February 29, 2020.
Recollections & Reflections
THE longest week in Malaysian political history since 1957 has come to an end with the statement from the national palace today that Muhyiddin Yassin will be sworn in as the eight prime minister on Sunday morning.
The Pakatan Harapan coalition which governed until last Sunday appears to not respect this announcement by insisting that it has the majority support for Mahathir Mohamad instead and that Istana Negara, the palace, will compile the numbers. The fact though is the palace’s announcement on Muhyiddin’s appointment was made after the Agong had given the opportunity to all party leaders to put forward their case by proving the support for the candidates they favoured.
PKR president Anwar Ibrahim was to claim that Pakatan had more than 95 MPs supporting Mahathir’s candidacy. “I cannot divulge the numbers. The palace will compile it,” was how Star Online quoted Anwar.
Anwar, more than 95 is fine but the magic number is at least 112 – the simplest of majorities in our Dewan Rakyat. On the other hand the sessions the Agong had with the party leaders today were meant for them to put forward and prove their claims of support for their candidate. Even if subsequent to this one party somehow has some extra support, the palace cannot be expected to be going back and forth to entertain any claim beyond what was submitted during the sessions.
There has to be closure to the crisis within a certain time frame, especially when this crisis was testing the patience of ordinary Malaysians to the limits. It is also a crisis which has exposed the worst in our politicians, people who call themselves leaders aspiring to lead 30 million plus Malaysians supposedly to a better life in a country that can be proud of its image and reputation. One who until the beginning of this week was a minister was seen on television news this afternoon about bringing back dignity to the people. This after he and his cohorts were in fact responsible for turning Malaysia into a laughing stock by the world in just one week.
This has also been a week when netizens posted stories at Facebook or circulated them via WhatsApp on countries that have done reasonably alright and without turmoil despite not having a government for a few years. Northern Ireland was one and Belgium another. It would be nice if Malaysia could be another one…..
Mahathir finally outwitted himself
After scrutinising all the circumstances, one is left with little doubt that Pakatan brought this mess onto itself, with a friend saying that the coalition’s former chairman and interim prime minister Mahathir had finally outwitted even himself.
Yes, Mahathir stretched his luck too far this time, to the extent of earning the displeasure of the Agong, we were told, via his statement about the now off special Parliamentary sitting.
What he did and also what those in Pakatan did added more confusion to an already confused situation, all of which didn’t do anything to bring confidence among Malaysians of the government they had and the politicians leading it.
First it was Mahathir as Pakatan’s nominee to be the eight PM, then Anwar, and back to Mahathir.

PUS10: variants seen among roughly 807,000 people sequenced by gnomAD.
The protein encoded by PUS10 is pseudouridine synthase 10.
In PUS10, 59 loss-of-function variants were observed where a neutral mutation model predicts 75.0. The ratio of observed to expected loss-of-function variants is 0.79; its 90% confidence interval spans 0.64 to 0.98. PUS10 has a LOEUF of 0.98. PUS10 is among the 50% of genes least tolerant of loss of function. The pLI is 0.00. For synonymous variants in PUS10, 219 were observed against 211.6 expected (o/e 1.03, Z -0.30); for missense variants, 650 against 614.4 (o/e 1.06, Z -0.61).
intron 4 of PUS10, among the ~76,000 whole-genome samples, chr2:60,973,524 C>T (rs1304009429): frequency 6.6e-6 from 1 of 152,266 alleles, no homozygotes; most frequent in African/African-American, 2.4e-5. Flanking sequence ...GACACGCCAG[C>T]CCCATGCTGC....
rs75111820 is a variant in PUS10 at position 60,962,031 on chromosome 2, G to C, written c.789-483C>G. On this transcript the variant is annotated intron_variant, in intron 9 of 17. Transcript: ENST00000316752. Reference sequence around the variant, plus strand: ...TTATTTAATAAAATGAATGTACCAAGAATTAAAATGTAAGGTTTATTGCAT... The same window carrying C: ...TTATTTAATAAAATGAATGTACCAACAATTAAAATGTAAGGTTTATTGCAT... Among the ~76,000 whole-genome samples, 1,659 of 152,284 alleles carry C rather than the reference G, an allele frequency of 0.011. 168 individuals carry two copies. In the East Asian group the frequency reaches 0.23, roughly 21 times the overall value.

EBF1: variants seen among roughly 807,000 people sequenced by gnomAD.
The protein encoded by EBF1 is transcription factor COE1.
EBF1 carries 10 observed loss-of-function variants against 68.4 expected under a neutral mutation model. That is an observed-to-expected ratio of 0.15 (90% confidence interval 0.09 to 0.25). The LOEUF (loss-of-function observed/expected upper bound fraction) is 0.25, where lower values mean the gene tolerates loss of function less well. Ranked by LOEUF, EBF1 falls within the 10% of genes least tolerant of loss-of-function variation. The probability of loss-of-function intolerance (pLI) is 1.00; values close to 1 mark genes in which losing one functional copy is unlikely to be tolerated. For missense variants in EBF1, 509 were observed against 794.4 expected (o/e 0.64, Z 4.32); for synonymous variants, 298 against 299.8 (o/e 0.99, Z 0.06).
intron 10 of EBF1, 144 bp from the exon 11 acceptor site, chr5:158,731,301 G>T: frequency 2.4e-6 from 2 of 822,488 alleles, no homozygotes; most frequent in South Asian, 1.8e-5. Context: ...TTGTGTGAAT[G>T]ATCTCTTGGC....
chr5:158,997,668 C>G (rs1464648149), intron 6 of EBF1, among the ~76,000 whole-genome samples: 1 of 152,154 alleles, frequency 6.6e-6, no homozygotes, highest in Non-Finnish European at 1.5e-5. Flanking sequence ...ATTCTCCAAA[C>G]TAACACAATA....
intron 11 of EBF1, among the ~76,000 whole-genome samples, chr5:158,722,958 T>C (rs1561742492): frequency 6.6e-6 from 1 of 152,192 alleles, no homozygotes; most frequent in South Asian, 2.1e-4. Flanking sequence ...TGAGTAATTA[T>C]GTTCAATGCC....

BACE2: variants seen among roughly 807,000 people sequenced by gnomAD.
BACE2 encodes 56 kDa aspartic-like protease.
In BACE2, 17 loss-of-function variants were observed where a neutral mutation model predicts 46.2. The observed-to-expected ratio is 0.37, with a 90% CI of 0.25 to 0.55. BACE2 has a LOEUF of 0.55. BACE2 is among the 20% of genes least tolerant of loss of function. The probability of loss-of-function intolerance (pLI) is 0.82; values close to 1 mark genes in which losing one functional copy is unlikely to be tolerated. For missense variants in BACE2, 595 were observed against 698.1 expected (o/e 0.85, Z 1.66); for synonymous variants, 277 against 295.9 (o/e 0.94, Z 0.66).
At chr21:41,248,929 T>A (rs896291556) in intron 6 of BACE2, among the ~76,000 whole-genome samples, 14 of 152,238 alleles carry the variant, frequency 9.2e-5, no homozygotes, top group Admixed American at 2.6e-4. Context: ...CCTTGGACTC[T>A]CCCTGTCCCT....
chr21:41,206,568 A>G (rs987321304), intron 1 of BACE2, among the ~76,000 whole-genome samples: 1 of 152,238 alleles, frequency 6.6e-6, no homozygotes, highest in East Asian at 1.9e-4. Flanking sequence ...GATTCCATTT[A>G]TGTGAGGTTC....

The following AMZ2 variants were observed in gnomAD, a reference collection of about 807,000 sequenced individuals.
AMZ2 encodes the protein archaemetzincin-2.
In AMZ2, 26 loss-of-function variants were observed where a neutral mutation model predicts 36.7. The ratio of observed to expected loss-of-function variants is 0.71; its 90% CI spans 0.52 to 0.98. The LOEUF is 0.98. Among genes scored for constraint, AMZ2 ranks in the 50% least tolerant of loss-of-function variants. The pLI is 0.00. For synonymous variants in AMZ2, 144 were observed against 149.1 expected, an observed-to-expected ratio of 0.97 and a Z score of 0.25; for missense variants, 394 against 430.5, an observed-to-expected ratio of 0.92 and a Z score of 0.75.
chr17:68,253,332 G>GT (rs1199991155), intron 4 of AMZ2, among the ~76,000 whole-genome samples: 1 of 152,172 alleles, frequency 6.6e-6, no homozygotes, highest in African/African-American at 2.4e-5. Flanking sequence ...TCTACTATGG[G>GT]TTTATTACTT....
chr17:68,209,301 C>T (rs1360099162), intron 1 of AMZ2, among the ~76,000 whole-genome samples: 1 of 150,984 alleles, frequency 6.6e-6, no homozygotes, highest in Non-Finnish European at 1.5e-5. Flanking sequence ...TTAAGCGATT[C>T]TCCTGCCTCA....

First Mahathir was no longer Pakatan chairman and yet was invited to chair its presidential council meeting, which he rightly turned down, then he was invited yet again to chair the same council.
And a Mahathir whose next birthday in a few months will be his 95th still wanting to be considered for PM8 only goes to show that where he is concerned, there is simply no other Malaysian capable of leading the country.
Public perception of Mahathir now in stark contrast to the euphoria two years ago
May 9, 2018, was different, although at 92 he was going to be the world’s oldest government leader if Pakatan won. And it did. There was much euphoria because many voters accepted the fact that Mahathir was seen as the only one who could bring together a band of strange bedfellows, all in the determined quest to oust a Barisan Nasional led by an Umno most believed to be corrupt and had overstayed its welcome. Old adversaries and vocal critics decided to forgive and forget to the point of embracing him.
But nearly two years down the line the environment has changed drastically, with more and more losing faith in him and his coalition, notably for Pakatan’s failure to deliver most of the crucial promises, especially on institutional reforms. In many instances Barisan was cited as the reason for many of the problems plaguing the country but the general feeling was that Pakatan already had enough time since the elections to put things right.
So if indeed Mahathir was seen as the saviour in 2018, he no longer is perceived as one now. On the contrary there is the general feeling that not much has changed in Mahathir’s way of doing things.
Much has been made of his refusal to accept Umno en block into his coalition, the reason being the nonsense believed to have been committed by Umno kleptocrats. No arguments there but agreeing to form an alliance prior to the elections with his old arch enemies in the DAP, PKR and Amanah is no different from a possible pact with Umno now. But in true Mahathir style, he wanted the cake and eat it as well and that put a stop to a cooperation that would have kept him in power, while also keeping Anwar on the sideline for a little bit longer.